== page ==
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Thursday, 13 February 2020 - Strasbourg
The Republic of Guinea, notably violence towards protesters

European Parliament resolution of 13 February 2020 on the Republic of Guinea, notably violence towards protestors (2020/2551(RSP))

The European Parliament,

–  having regard to its previous resolutions on the Republic of Guinea,

–  having regard to the Joint Statement of the United Nations, the European Union and the Embassies of the United States and France in the Republic of Guinea of 5 November 2019,

–  having regard to the Communiqué of the Economic Community of West African States (ECOWAS) Commission of 4 November 2019 following the incidents in Conakry,

–  having regard to the press release of the African Commission on Human and Peoples’ Rights on the suppression of demonstrations in the Republic of Guinea of 9 November 2019,

–  having regard to the thirty-fifth session of the United Nations Human Rights Council Universal Periodic Review Working Group of 20 to 31 January 2020,

–  having regard to the International Covenant on Civil and Political Rights (ICCPR) of 1966,

–  having regard to the Partnership Agreement between the Members of the African, Caribbean and Pacific Group of States of the one part, and the European Community and its Member States, of the other part (the Cotonou Agreement),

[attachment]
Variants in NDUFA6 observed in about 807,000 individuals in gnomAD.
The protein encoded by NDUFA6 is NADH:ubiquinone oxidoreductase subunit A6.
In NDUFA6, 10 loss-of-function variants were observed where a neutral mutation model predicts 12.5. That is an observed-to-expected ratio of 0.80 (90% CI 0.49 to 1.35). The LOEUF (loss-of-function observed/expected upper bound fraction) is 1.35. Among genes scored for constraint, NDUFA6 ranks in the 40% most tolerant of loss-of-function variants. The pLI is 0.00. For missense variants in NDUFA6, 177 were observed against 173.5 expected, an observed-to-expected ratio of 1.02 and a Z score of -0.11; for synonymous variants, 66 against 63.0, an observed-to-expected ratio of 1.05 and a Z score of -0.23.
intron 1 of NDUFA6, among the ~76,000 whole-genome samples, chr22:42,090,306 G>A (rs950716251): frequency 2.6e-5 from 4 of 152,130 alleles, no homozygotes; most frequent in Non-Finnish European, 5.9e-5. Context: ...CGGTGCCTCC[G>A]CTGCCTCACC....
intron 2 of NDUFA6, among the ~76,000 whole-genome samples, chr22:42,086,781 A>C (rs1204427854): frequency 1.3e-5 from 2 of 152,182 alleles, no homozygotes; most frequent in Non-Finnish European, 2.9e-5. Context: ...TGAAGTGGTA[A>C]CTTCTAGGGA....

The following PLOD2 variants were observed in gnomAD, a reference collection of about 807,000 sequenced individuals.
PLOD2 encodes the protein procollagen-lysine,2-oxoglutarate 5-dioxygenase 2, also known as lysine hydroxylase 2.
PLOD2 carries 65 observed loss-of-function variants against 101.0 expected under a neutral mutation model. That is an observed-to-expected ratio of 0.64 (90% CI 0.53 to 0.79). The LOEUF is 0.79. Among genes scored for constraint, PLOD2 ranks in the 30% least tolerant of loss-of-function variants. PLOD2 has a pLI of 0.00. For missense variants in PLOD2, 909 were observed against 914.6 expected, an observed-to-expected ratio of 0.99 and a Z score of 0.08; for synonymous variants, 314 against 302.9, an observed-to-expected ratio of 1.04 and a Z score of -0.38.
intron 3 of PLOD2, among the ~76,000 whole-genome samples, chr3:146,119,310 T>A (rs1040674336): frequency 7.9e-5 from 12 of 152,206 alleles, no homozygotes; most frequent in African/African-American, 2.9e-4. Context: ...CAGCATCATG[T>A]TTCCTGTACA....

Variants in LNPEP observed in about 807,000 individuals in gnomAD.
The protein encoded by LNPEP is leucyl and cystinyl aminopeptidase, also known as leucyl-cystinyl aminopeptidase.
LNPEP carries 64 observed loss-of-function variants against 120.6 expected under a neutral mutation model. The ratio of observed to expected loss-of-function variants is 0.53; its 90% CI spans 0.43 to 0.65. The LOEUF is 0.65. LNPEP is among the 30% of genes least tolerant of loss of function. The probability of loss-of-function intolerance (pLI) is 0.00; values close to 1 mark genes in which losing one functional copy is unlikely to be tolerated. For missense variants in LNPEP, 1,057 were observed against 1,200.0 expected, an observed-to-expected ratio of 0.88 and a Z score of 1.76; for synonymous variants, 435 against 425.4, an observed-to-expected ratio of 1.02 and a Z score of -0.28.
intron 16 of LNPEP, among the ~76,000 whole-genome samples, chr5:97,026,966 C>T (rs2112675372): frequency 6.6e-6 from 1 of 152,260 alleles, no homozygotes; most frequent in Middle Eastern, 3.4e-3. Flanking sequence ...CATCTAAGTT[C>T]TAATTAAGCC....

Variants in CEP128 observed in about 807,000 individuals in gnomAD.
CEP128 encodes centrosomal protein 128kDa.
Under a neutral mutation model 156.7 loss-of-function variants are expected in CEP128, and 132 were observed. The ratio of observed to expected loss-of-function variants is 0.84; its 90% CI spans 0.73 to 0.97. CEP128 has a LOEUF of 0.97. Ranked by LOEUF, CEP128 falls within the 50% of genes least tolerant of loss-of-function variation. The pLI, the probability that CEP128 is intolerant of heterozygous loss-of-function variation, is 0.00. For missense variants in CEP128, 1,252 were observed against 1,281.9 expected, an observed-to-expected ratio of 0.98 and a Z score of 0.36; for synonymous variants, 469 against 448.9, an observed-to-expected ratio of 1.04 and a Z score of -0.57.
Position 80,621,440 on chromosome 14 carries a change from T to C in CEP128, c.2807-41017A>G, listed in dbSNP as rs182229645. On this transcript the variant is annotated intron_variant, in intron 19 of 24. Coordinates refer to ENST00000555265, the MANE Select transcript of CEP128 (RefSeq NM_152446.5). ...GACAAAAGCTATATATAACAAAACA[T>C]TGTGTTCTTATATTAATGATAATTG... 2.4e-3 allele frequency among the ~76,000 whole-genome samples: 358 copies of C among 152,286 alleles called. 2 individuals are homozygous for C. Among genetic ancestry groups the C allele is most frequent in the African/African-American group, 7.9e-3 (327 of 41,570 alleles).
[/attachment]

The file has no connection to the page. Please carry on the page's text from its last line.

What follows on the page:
–  having regard to the African Charter on Human and Peoples’ Rights, which was adopted on 27 June 1981 and entered into force on 21 October 1986,

–  having regard to the Constitution of the Republic of Guinea, which was approved by the National Transitional Council on 19 April 2010 and adopted on 7 May 2010,

–  having regard to the Universal Declaration of Human Rights,

–  having regard to the 11th European Development Fund National Indicative Programme for the period 2015-2020 allocating funds to the Republic of Guinea,

–  having regard to Rules 144(5) and 132(4) of its Rules of Procedure,

A.  whereas President Alpha Condé has been in power in the Republic of Guinea since his election in 2010 and re-election in 2015; whereas there have been mass protest demonstrations in the country since mid-October 2019, mainly by the National Front for the Defence of the Constitution (FNDC), amid opposition fears that President Condé will seek to extend his constitutional powers; whereas the Constitution of the Republic of Guinea limits presidential mandates to two terms; whereas President Condé’s second term is due to expire at the end of 2020;